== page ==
I spent almost 20 years travelling to continental and international leadership meetings of Marianist Lay Communities, an International Association of the Faithful. Respectful dialogue is a Marianist trait. We believe in “unity amid diversity”. We believe in “staying at the table” during difficult conversations. We believe in active listening and inclusivity of voices.

Nice words are easy to write or speak. They are much harder to live. I’m beginning to wonder if they can sometimes become a barrier to true, effective dialogue.

I’ve sat in too many meetings where we dance around the elephant in the room, seeking peace in platitudes and writing up nice reports. We talk of dialogue, but avoid certain issues at all cost if we know there will be disagreement. In a world that is becoming increasingly divisive, we desperately cling to unity by avoiding all conflict. We ignore disagreement, hoping it will go away.

Dialogue is not a “new age-y” form of conversation where all are affirmed in their oneness with each other and the universe. True and meaningful dialogue is tough. It is messy. Unlike debate it does not seek conflict for conflict’s sake, but conflict can’t always be avoided.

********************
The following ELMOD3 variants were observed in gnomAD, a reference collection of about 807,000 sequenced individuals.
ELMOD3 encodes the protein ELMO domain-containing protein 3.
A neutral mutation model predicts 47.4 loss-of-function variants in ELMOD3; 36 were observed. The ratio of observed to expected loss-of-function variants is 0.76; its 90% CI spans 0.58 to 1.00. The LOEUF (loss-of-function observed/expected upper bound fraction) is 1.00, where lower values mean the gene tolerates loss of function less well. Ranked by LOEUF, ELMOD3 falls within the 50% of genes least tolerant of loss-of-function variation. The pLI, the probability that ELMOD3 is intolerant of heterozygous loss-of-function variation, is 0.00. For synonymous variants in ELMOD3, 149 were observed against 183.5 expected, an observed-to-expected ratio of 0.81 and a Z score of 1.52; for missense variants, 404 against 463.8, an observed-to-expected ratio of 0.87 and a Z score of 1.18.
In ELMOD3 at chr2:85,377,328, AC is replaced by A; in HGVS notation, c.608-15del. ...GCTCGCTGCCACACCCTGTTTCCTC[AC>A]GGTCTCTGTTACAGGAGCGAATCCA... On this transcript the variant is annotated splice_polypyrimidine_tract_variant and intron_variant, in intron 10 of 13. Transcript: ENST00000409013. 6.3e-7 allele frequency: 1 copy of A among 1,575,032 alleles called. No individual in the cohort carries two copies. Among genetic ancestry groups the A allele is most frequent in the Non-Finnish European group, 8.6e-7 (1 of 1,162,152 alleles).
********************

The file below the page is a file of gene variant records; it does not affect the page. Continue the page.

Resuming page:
Conflict should energize, not silence dialogue.

Dialogue is not for wimps! This is one of the hardest lessons I’ve learned in these past six years. I have written many articles on dialogue for this blog and other publications. I can write nice words. I often fail miserably at dialogue in real life.

I’m an introvert who hates confrontation. I clam up when faced with a bully, allowing them to dominate the conversation.

I obsess over each word I write. I obsess over words I’ve spoken. I sit on fences or straddle them so as not to insult or anger anyone. I tailor my words to the listener.

We need more civility and gentleness in the world, yes, but sometimes trying too hard to “be nice” simply feeds our need (my need) to be liked by all.

The first step of dialogue is to verbalize your own thoughts without fear. To speak your own truth with courage.

This is what I believe… This is why I believe it…

If these words are followed by proverbial crickets, then all I have done is provided myself with a soap-box and had a good rant. If a rant takes place in a forest and there is no one there to hear it, is it still a rant? Probably. But it’s certainly not a dialogue.

If someone hears my words and responds with their own words,

Yes, but this is what I believe… This is why I believe it…

Now we have the beginnings of a dialogue!